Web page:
By the end of the year, small owner-operators and larger commercial partners will begin using Otto’s self-driving kit, Levandowski told Reuters at the facility in Concord, north of San Francisco, adding the company has a target of “thousands” of testers by 2017.

Otto has not yet announced when the technology will be ready for sale.

Launched in May, Otto focuses on maximizing the efficiency and safety of long-haul trucks, which spend much of their time on the side of the road as drivers rest.

The Otto trucks are equipped with a series of sensors and mapping technology to allow them to gauge their position on highways and make real-time driving decisions.

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Source: Yahoo

Automation halves truck turn times at Long Beach port terminal

In possibly the strongest pitch yet for the benefits that marine terminal automation can deliver to truckers, the president of Long Beach Container Terminal said visit times at the newly automated facility are less than half the average truck visit time for the 13-terminal Los Angeles-Long Beach port complex as a whole.

Anthony Otto told a meeting of the California Trucking Association in Long Beach last week that the portion of the terminal that has been automated is producing average turn times, from arrival at the pedestal outside the entry gate to the exit gate, of 38 minutes to 40 minutes. By comparison, the truck mobility turn times published each month by the Harbor Trucking Association listed the average turn time in April as 85 minutes.

LBCT, which operates the Middle Harbor terminal in Long Beach, has been rolling out the first phase of its $1.3 billion automation project for the past two months. As of last week, automation of vessel, yard, gate and on-dock rail operations in the first portion of the 342-acre terminal to be upgraded has been completed. The entire automation project is scheduled for completion in 2019.

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This Port of Los Angeles terminal will be first in the world to use all renewable energy

A 40-acre cargo terminal at the Port of Los Angeles will begin transitioning to solar power and other low- or zero-emission energy sources starting this summer, harbor officials said Wednesday.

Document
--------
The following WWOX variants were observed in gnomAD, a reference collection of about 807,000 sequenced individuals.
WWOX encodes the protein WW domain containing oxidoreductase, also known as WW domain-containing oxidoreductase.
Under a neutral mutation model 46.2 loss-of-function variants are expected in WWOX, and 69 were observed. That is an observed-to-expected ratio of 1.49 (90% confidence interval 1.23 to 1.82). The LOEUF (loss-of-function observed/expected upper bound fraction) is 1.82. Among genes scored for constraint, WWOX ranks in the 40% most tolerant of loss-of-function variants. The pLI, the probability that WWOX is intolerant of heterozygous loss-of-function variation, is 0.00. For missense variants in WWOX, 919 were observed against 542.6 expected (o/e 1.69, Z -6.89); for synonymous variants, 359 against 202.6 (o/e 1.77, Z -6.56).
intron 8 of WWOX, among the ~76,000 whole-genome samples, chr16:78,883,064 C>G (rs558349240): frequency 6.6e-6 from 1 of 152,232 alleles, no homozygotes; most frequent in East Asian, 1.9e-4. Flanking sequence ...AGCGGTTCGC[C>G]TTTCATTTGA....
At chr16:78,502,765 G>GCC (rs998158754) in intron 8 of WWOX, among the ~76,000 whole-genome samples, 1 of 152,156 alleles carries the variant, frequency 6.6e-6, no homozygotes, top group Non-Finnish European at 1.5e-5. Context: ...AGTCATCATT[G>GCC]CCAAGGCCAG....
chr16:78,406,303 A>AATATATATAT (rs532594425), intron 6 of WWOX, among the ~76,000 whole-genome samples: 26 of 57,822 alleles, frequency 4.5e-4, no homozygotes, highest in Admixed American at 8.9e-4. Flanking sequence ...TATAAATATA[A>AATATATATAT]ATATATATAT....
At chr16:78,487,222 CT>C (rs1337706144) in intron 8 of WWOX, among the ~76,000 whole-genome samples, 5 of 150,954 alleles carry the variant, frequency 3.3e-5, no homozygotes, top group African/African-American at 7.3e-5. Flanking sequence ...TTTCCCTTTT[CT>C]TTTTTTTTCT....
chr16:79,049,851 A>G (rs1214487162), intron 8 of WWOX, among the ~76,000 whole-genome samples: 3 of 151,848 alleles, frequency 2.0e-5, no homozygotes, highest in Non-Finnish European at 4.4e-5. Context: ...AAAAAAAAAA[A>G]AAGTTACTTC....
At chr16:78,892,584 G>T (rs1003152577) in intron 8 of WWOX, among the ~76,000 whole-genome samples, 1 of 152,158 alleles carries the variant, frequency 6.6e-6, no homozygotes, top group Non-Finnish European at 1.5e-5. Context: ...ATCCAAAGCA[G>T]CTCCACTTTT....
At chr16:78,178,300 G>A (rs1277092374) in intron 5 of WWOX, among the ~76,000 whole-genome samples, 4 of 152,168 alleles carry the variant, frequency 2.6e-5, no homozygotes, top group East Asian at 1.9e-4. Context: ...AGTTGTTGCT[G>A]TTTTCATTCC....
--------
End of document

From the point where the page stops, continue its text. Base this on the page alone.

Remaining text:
Pasha Stevedoring and Terminals, which moves both traditional containers and “break bulk” cargo such as steel and other unusually shaped items, will begin the final design and construction of a solar power microgrid in June.

Port officials said the “green omni terminal,” which will serve as a test case for zero-emissions and electric technologies at the port, is seen as an ideal site because it moves a variety of cargo types, including about 2 million tons of steel a year.

The $26.6 million project is expected to take two years. When completed, the terminal will be the first in the world to generate all of its own energy needs from renewable sources, and it will be able operate completely off the grid if necessary, port officials said.

Pasha came up with $11.4 million for the project to match a $14.5 million grant awarded earlier this year by the California Air Resource Board. The state grant will pay for nine electric vehicles and the solar grid, which includes a rooftop array, battery storage, charging equipment and an energy management system.

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Source: Press Telegram

Port of Oakland phone app alerts truckers to waits at the gate

An old-line business, the Port of Oakland, is using one of the world’s newest technologies, an app designed to help truckers cope with busy cargo gates at the shipping hub, the port said Wednesday.

 “This could definitely be helpful and would be worth it,” said Bruce Gill, owner of Union City-based Bay City Express, a trucking firm.